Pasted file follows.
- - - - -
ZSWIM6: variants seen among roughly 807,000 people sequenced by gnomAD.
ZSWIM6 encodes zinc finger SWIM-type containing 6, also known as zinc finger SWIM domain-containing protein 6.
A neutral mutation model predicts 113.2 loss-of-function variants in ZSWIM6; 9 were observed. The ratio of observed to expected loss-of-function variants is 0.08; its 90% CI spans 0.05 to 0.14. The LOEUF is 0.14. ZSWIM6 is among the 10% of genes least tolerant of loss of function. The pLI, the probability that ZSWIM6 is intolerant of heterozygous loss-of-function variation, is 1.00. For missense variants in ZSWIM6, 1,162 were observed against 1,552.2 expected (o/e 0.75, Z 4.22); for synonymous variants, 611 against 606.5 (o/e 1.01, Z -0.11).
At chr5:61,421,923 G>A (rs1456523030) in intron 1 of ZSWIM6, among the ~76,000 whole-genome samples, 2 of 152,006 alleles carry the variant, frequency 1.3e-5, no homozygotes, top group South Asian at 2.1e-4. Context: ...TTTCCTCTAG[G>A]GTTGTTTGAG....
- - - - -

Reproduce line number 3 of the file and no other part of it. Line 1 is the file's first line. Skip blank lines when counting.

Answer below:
A neutral mutation model predicts 113.2 loss-of-function variants in ZSWIM6; 9 were observed. The ratio of observed to expected loss-of-function variants is 0.08; its 90% CI spans 0.05 to 0.14. The LOEUF is 0.14. ZSWIM6 is among the 10% of genes least tolerant of loss of function. The pLI, the probability that ZSWIM6 is intolerant of heterozygous loss-of-function variation, is 1.00. For missense variants in ZSWIM6, 1,162 were observed against 1,552.2 expected (o/e 0.75, Z 4.22); for synonymous variants, 611 against 606.5 (o/e 1.01, Z -0.11).